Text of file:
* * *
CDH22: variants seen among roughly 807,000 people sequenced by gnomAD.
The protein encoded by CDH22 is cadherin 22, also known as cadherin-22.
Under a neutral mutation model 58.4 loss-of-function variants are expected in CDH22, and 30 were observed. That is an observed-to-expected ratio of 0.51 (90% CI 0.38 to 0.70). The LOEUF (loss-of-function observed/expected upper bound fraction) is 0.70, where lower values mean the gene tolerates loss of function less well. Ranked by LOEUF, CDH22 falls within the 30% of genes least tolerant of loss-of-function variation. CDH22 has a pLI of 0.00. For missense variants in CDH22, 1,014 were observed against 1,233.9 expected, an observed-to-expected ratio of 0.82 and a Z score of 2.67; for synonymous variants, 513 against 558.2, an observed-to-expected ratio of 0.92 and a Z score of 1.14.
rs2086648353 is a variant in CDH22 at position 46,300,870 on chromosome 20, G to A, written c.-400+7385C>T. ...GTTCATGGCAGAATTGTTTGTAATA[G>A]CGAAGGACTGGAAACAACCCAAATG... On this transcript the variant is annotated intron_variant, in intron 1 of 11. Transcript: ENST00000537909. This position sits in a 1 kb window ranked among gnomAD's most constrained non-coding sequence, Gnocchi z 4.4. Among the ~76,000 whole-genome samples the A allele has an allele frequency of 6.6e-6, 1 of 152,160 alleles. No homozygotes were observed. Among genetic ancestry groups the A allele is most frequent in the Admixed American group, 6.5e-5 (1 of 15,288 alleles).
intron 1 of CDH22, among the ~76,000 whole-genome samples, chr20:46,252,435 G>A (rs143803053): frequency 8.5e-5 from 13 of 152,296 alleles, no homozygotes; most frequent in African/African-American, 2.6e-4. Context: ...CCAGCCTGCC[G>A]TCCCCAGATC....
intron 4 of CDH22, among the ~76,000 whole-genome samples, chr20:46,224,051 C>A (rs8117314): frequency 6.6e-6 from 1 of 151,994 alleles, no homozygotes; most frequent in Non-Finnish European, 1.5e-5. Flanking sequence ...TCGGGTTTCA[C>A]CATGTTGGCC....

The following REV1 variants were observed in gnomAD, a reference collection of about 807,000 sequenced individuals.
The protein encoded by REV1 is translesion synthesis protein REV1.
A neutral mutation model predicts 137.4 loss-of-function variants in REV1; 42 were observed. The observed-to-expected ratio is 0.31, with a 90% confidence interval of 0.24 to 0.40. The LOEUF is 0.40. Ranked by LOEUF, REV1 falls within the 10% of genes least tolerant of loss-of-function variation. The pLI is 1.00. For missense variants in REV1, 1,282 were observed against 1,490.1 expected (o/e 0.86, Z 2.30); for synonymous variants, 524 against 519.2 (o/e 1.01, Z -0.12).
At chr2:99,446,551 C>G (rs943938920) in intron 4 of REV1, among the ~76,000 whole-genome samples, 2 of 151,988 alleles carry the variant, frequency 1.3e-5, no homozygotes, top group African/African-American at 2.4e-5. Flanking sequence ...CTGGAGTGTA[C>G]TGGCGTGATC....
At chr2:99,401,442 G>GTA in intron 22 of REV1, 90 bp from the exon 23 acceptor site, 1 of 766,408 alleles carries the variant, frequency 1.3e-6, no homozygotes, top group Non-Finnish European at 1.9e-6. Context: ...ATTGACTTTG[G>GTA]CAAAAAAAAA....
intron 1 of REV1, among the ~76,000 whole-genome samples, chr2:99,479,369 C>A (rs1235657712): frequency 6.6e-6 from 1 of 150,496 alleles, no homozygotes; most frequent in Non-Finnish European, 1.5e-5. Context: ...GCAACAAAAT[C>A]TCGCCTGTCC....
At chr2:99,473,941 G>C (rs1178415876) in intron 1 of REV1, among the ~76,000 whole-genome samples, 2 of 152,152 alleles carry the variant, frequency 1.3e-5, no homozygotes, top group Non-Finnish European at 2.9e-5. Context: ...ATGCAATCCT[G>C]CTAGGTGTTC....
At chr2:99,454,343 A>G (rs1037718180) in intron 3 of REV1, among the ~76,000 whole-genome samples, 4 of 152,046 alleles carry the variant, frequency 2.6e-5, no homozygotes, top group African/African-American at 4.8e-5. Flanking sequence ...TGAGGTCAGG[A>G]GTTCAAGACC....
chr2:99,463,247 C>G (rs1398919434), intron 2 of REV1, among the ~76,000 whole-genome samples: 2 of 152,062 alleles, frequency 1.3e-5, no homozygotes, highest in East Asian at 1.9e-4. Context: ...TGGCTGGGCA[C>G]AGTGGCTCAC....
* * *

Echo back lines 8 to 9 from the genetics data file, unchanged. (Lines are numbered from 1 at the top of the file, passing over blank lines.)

The protein encoded by REV1 is translesion synthesis protein REV1.
A neutral mutation model predicts 137.4 loss-of-function variants in REV1; 42 were observed. The observed-to-expected ratio is 0.31, with a 90% confidence interval of 0.24 to 0.40. The LOEUF is 0.40. Ranked by LOEUF, REV1 falls within the 10% of genes least tolerant of loss-of-function variation. The pLI is 1.00. For missense variants in REV1, 1,282 were observed against 1,490.1 expected (o/e 0.86, Z 2.30); for synonymous variants, 524 against 519.2 (o/e 1.01, Z -0.12).